The question was even mooted as to whether he and others should not be excepted by name from the Bill of Indemnity, or even specially attainted by a Bill of Pains and Penalties, in consideration of the impossibility of convicting them by the ordinary course of the law.
Turner’s knowledge and duties as a United Irishman having been mainly confined to Ulster, it seemed strange that one of the Northern Committee could be so intimate with O’Connor and Lord Edward. Even in the betrayer’s first interview with Downshire he reveals much intimate acquaintance with both. All this can be readily understood now. In November, 1796, O’Connor took a house near Belfast, preparatory to offering himself for the representation of Antrim. Dr. Madden states that Lord Edward and O’Connor lived together for some months, and during their stay maintained friendly intercourse with the Northern leaders. Soon after we find the command in Ulster assigned to O’Connor. ‘Arthur O’Connor,’ resumes Mr. Froude, describing the events of December, 1797, ‘after spending a few months in the Castle,' had been released on bail, Thomas Addis Emmet and Lord Edward Fitzgerald being his securities. “The person” who had come to Lord Downshire had revealed the secret of the visit to Switzerland; but without betraying his authority Camden could not again order O’Connor’s arrest.' After an interval, however, and at a critical moment, O’Connor was apprehended anew, and he remained a State prisoner until 1802.
At an early stage of this chase I met with the seeming difficulty that the name of Samuel Turner appears in the list of leading rebels which ‘the person‘ gave to Lord Downshire. In undertaking to give a complete list of the Executive Committee, he could not well omit his own name. No doubt to invest it with increased importance, he puts it next after those of Lord Edward and Arthur O’Connor (the nephew of Lord Longueville), and before Stewart of Acton and the future Lord Cloncurry. The act is consistent with the usual swagger of the man, and shows the ingenuity by which he hoped to baffle all subsequent evidence of his treachery.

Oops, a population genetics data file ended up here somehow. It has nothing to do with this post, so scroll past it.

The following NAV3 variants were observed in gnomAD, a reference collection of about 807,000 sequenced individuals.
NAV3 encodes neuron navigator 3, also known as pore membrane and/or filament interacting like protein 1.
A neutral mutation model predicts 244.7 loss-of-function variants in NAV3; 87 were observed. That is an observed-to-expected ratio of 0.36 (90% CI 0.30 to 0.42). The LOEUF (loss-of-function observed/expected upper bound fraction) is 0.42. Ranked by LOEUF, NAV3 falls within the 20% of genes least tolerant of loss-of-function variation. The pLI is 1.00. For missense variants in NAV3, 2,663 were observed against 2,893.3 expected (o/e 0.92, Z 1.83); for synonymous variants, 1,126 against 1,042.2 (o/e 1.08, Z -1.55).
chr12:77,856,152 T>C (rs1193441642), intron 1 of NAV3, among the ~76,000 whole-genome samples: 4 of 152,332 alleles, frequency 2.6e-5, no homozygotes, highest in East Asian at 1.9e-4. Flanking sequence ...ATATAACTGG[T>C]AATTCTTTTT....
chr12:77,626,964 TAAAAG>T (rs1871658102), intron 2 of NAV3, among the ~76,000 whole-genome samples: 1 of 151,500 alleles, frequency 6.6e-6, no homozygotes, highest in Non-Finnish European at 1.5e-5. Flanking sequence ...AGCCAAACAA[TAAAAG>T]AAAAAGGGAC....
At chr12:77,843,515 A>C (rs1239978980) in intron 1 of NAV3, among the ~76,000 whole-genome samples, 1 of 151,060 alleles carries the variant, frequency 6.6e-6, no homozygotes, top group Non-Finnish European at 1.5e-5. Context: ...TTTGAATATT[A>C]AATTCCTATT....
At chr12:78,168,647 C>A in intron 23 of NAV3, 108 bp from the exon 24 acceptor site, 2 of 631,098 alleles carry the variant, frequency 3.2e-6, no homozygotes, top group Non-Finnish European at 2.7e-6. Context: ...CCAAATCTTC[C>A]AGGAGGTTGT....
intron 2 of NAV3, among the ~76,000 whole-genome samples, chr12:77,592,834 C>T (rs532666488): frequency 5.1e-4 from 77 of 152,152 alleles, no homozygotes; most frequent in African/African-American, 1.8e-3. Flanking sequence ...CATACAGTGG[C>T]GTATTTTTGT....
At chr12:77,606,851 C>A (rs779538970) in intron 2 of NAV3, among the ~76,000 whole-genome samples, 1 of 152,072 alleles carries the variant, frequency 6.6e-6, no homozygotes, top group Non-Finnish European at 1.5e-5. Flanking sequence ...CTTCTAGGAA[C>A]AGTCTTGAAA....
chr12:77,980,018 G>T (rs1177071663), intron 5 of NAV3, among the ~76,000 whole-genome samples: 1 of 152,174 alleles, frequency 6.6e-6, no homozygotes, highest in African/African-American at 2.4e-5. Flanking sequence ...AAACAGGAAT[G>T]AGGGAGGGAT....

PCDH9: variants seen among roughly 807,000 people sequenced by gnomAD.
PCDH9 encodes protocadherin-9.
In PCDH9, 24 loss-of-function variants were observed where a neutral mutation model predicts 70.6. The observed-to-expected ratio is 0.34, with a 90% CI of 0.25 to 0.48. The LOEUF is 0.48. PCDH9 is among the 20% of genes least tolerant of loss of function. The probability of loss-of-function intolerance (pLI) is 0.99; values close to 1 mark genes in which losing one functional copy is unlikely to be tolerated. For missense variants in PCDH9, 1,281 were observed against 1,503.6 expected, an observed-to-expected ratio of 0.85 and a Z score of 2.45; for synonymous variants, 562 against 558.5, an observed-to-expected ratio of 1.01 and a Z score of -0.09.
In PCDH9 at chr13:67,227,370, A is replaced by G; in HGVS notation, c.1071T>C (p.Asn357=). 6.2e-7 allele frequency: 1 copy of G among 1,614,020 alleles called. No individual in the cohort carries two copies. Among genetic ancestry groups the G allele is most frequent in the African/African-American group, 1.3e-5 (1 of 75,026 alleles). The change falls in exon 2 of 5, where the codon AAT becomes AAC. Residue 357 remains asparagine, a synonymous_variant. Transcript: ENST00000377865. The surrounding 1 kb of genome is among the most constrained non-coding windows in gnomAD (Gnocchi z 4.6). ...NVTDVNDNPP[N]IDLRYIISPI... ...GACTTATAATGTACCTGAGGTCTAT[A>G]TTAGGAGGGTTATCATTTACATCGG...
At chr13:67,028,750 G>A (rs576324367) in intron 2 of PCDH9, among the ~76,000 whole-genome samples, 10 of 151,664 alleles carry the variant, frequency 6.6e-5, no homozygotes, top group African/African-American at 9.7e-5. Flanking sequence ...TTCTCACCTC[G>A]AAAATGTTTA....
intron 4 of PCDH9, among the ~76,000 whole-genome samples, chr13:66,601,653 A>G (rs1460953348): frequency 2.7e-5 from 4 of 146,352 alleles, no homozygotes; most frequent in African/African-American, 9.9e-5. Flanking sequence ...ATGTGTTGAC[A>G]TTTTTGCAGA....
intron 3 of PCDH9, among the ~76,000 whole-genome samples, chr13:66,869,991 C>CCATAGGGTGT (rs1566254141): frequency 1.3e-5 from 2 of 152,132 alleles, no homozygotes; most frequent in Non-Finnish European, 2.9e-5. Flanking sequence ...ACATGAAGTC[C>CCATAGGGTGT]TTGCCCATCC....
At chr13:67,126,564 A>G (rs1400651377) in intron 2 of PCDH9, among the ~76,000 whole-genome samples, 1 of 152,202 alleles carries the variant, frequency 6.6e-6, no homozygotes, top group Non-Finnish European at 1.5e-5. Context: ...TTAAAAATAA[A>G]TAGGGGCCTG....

Lord Camden writes: ‘The intelligence with which we are furnished would, if certain persons could be brought forward, be sufficient to bring the conspiracy to light, defeat its ill consequences, and make a salutary impression on the minds of the people.' ‘Unfortunately,’ comments Mr. Froude, ‘”certain persons” declined to be brought forward. Pelham, when in London, made large offers to Lord Downshire’s friend, but without effect.’
 Froude, iii. 287.
 This announcement had its origin in one of the secret letters of McNally (MSS. Dublin Castle). Lawless was to sail for London ‘to-morrow night,’ he wrote, ‘and ought to be watched every hour’; but nothing is said of the answer to France, of which Pelham declares he was the bearer. McNally lived in Dublin, was a United Irishman, and confidential lawyer of the body, but had been bought over. The strange story of his life is told in a succeeding chapter. This man was now asked to find out all he could about Lawless.
 Lord Castlereagh, in a letter addressed to Colonel Lord William Bentinck, dated, Dublin Castle, June 24, 1798, and given to me by Mr. Huband Smith, states that, according to the information received, ‘Mr. Stewart had accepted the post of Adjutant-General for Armagh in the rebel army. Bentinck, writing to General Nugent three days later, says that Stewart, when his prisoner, ‘confessed to me privately that he was a United Irishman.’ This tends to show how generally accurate was the information communicated through Downshire.
 Trenor, Agar, and Curran. Trenor was the secretary of Lawless. Cloncurry’s Memoirs state (p. 68) that the hardships to which Trenor was exposed brought on illness and caused his death.